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London Transportation On a Budget

Updated on February 10, 2011

Getting Around London On a Budget

A big money-pit in London is transportation. New visitors are always eager to ride in a Black Cab and experience the Tube. However, walking is often the best way to see the city, and the buses are a seldom-used alternative by most tourists.


Although they are expensive, you will probably want to take at least one ride in a Black Cab. The drivers are normally very helpful and entertaining, although I have had a few who weren't interested in talking or were downright grumpy. But it's an experience you really should have. When my teen-age niece and nephew visited me in London, I traveled by train to the airport to meet them, rode the train back to Victoria Station, and then caught a Black Cab to take us for a short private tour of London. I made sure to find a friendly cabby, and he took us on a ride from Victoria Station past Buckingham Palace, along St. James's Park to Trafalgar Square, down Whitehall past Westminster Abbey, Big Ben, and the Houses of Parliament, across the river on Westminster Bridge, back across on Vauxhall Bridge, past the Tate Britain, and then to my flat in Pimlico. For 20 pounds, it was a great introduction to the city.


For traveling around the city, get a one-week Oyster card at any tube station and many other locations. For 25.80 pounds, an adult can travel for seven days all over Zones 1 and 2 in London, where almost all of the tourist sites are located. Children under 11 years old travel free on the tube and buses, and an adult can purchase a one-day travel card for those 11 to 15 for only a pound. The children must be traveling with an adult to get these free and reduced fares. The passes are good on both the tube and on the buses, and are an incredible bargain and convenience. Since a normal tube fare is 4 pounds one way, you will save tons of money with a travel card.

Also, ride the buses. The system is easy to learn, and there are maps available at the tube stations and posted at many bus stops. It's great to climb upstairs on the double-decker buses and see London from above ground instead of traveling through a dark tunnel. Most locals prefer the buses, and only ride the tube when absolutely necessary.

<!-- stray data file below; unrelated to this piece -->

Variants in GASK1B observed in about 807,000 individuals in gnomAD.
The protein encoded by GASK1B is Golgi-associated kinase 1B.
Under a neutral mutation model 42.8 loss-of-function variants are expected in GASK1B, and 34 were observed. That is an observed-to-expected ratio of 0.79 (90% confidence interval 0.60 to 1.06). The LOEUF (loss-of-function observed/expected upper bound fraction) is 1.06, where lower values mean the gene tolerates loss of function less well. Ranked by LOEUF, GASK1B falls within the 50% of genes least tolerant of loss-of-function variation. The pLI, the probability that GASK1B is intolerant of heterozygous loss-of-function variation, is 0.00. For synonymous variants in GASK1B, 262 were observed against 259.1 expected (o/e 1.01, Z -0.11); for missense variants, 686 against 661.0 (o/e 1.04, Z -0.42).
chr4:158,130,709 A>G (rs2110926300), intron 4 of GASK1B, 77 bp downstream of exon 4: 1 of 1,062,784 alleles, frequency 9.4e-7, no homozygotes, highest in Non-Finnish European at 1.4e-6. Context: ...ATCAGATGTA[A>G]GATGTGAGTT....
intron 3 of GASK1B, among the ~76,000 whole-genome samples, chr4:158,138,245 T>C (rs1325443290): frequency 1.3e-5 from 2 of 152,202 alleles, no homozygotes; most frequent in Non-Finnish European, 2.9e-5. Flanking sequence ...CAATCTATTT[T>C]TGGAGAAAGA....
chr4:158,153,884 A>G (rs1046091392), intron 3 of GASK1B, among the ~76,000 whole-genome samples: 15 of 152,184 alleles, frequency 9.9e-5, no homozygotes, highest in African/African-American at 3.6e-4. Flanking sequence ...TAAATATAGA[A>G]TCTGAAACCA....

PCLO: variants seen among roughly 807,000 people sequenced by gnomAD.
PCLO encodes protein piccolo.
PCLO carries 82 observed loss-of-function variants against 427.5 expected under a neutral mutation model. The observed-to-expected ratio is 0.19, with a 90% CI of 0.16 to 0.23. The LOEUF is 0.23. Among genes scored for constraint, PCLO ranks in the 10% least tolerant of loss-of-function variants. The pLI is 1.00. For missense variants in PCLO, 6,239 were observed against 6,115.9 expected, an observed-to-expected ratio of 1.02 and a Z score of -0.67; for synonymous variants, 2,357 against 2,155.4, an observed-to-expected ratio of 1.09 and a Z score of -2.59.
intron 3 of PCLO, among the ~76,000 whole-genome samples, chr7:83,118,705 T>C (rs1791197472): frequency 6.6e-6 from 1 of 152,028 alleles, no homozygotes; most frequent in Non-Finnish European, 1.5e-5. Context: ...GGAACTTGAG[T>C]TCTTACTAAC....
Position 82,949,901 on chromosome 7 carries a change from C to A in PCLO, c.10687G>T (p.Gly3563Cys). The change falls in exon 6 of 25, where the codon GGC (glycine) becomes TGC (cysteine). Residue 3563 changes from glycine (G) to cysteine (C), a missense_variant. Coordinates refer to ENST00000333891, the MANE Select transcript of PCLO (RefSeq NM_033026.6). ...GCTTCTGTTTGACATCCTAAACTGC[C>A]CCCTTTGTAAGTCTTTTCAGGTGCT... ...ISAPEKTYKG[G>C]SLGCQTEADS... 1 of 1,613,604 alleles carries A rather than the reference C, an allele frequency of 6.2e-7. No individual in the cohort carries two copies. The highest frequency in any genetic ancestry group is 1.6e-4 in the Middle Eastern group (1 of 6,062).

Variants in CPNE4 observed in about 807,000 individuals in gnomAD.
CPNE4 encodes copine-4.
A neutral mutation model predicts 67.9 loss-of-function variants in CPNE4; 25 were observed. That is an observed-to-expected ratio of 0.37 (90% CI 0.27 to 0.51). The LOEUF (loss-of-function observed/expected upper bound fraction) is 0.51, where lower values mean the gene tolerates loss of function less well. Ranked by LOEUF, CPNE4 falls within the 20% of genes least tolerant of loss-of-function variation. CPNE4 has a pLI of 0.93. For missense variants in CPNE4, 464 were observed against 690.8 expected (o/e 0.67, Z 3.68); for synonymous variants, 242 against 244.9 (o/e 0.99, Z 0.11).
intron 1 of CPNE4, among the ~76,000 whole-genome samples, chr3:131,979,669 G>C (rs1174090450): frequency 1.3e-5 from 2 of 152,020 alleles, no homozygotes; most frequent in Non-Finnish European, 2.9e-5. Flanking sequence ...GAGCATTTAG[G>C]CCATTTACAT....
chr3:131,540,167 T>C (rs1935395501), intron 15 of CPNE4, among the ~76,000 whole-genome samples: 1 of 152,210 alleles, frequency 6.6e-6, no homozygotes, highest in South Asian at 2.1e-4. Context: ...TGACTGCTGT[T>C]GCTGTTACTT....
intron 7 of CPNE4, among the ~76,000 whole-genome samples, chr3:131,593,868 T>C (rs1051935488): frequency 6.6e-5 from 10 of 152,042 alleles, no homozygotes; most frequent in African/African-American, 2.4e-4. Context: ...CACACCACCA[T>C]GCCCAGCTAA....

But remember, no matter which form of transport you're taking, that the locals use the tube and buses as their day-to-day transportation. There is a great deal of unspoken etiquette that most tourists don't abide by, and your trip will be much more enjoyable for you and everyone else if you try to respect the people around you.

I only mention these things because I have seen some really unbelievable behavior by tourists on public transportation. I'm sure you would NEVER do any of these things, but just in case --

First, no loud talking. If you look around the tube car or bus, you'll see that almost everyone is either reading, texting on their phones, aimlessly looking out the window, etc. Don't try to take up more than your own space. Sit next to your companions, rather than spreading out. Put your bags in your lap, don't clog up the area next to the doors, and don't try to strike up conversations with those around you. Most Londoners are friendly, but the city is bombarded by tourists from all over the world, and they do become weary of being forced to engage in conversations with people when all they want to do is relax, read their book or newspaper, or just chill out after work

One major rule in the tube stations is to stand to the right on the escalators. Keep your bags either in front of you or on your right. If you do not leave enough room for people to run up or down the escalators on the left, they will quite forcefully teach you a lesson by running into you, elbowing you painfully, or shouting very unpleasant ephithets at you. And if you carry a bag on your left, you run the risk of someone trying to steal it, which may result in you being dragged down the escalator and being injured if you try to hold on to it. Remember -- London is a big city, and petty crime is always a risk, particularly in areas frequented by tourists. Keep your bags and other belongings secure, and try to travel as lightly as possible.

Stay far away from the tube and buses during rush hour. It's very crowded and uncomfortable and can be dangerous if you have young children with you. Travel between 9:30 a.m. and 4:00 p.m., and after 7:00 p.m., if at all possible. And walk as much as you can. Often, if you look at a street map, you'll find that your destination is not as far away as you think, and walking around London is always interesting and fun. The tube map and bus maps are not geographicaly correct, and you should always double-check your street map to see if you're missing something interesting by taking public transport or if a walk would be faster.


If you travel to Hampton Court Palace, Oxford, Bath, or other areas outside of central London, you will be able to travel cheaply and comfortably by train. Buying your tickets in advance can save you money, so check online before your trip to see what to expect.

Some helpful websites:

Transport For London -- Everything you need to know about the tube, buses and trains within the Greater London area.

National Rail -- Information for traveling throughout the UK.


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